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The && Expression

left-expression && right-expression

As is familiar, this first evaluates the left-expression to a boolean. If left is false, the answer is false and the right-expression isn't evaluated. If left is true, then the answer is the result of evaluating the right-expression to a boolean.

Either expression may define new variable names. These variable names behave only according to the left-to-right visibility rule stated above. If the left expression is true and defines variable names, these definitions are visible on the right. If the right expression is also true and defines further variable names, both are visible after the && expression. For example, in

 if (nm =~ `@base.e` && base size =~ sz ? (sz > 0)) {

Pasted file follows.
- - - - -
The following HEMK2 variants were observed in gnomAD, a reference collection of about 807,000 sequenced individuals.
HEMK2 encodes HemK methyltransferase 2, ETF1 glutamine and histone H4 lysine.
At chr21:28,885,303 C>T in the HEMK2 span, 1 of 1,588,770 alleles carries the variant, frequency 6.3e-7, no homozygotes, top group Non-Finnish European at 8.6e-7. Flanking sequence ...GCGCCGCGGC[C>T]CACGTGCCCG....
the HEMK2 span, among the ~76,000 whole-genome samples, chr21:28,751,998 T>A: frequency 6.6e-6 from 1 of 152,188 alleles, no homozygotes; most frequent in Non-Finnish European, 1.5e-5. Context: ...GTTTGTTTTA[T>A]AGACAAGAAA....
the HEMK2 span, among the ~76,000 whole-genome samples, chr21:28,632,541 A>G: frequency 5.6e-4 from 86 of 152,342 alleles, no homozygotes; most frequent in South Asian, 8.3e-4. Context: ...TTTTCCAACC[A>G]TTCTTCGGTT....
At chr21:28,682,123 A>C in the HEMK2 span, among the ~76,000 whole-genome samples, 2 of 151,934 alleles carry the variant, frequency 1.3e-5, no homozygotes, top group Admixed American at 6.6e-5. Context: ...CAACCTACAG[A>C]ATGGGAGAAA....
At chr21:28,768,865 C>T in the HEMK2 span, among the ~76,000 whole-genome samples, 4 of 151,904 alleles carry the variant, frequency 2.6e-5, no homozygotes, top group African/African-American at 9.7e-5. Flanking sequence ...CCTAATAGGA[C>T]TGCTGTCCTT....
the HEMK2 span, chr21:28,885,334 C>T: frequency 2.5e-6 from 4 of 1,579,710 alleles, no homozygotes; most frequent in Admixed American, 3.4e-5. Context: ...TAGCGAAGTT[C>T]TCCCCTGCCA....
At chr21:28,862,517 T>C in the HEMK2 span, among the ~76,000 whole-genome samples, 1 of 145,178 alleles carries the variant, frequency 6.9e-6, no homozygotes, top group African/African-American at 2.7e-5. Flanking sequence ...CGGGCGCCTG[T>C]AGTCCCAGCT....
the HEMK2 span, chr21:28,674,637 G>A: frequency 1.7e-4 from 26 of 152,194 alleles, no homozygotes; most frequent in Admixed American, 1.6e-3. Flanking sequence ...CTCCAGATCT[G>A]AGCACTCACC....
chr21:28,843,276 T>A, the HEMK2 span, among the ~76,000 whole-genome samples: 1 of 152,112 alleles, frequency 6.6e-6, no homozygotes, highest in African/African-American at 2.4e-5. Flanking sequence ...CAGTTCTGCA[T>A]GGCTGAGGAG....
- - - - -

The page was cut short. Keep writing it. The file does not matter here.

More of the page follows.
the left expression checks that the file name, "nm", ends with ".e", and if so defines the variable named "base" to hold the part before the dot. The right side checks that the size of base is greater than zero (to exclude the file named ".e"), and if so remembers this size in the new variable "sz". By being able to easily hold on to the answers to our questions (like the size of base), we can avoid asking these questions redundantly. As explained in Capability Programming Patterns, often the best way to avoid getting confused by inconsistent answers from an object you don't trust is to avoid asking it redundant questions.

*** expansion to kernel



Unless stated otherwise, all text on this page which is either unattributed or by Mark S. Miller is hereby placed in the public domain.
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